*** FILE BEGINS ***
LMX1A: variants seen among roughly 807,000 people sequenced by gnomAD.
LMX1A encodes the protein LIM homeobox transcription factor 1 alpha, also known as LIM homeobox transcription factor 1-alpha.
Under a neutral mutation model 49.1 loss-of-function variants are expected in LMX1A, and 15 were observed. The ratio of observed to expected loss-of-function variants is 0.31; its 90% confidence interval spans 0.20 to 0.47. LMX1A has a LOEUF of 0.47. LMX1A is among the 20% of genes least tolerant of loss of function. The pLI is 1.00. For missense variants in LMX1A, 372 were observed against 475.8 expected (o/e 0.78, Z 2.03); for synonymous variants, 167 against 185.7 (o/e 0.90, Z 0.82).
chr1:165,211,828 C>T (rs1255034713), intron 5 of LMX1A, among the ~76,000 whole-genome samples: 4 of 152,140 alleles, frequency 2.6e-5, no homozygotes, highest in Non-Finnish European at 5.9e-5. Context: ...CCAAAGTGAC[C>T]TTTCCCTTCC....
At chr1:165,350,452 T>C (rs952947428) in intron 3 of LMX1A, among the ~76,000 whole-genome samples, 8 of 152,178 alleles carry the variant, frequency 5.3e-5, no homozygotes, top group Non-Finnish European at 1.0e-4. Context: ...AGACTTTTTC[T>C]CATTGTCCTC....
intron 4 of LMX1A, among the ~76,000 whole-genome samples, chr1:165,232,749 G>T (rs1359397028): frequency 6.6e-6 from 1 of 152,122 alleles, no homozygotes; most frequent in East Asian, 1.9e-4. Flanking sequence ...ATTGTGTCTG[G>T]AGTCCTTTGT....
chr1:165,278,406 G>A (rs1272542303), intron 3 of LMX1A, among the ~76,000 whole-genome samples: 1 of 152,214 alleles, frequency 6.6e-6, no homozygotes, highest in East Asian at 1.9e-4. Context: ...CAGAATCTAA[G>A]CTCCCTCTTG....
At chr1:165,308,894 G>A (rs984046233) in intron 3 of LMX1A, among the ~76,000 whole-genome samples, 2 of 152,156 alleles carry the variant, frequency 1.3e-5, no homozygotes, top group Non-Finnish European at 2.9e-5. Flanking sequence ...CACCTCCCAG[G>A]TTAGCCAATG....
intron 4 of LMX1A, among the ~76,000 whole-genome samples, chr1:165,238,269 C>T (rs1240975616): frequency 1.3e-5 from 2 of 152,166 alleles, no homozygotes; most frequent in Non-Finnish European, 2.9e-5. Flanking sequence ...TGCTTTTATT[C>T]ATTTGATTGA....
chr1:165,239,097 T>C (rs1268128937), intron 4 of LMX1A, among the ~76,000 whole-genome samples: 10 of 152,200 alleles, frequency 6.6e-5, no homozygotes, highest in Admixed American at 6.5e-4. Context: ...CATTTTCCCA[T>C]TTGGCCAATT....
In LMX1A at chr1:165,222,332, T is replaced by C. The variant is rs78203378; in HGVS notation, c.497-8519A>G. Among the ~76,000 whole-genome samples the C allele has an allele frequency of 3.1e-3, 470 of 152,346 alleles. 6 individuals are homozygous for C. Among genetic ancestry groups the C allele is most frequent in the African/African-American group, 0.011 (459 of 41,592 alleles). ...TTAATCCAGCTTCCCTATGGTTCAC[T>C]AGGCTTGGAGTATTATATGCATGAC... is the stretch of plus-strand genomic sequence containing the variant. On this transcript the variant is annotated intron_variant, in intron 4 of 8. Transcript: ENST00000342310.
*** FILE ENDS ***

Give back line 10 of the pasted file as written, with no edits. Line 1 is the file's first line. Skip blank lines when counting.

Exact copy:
chr1:165,239,097 T>C (rs1268128937), intron 4 of LMX1A, among the ~76,000 whole-genome samples: 10 of 152,200 alleles, frequency 6.6e-5, no homozygotes, highest in Admixed American at 6.5e-4. Context: ...CATTTTCCCA[T>C]TTGGCCAATT....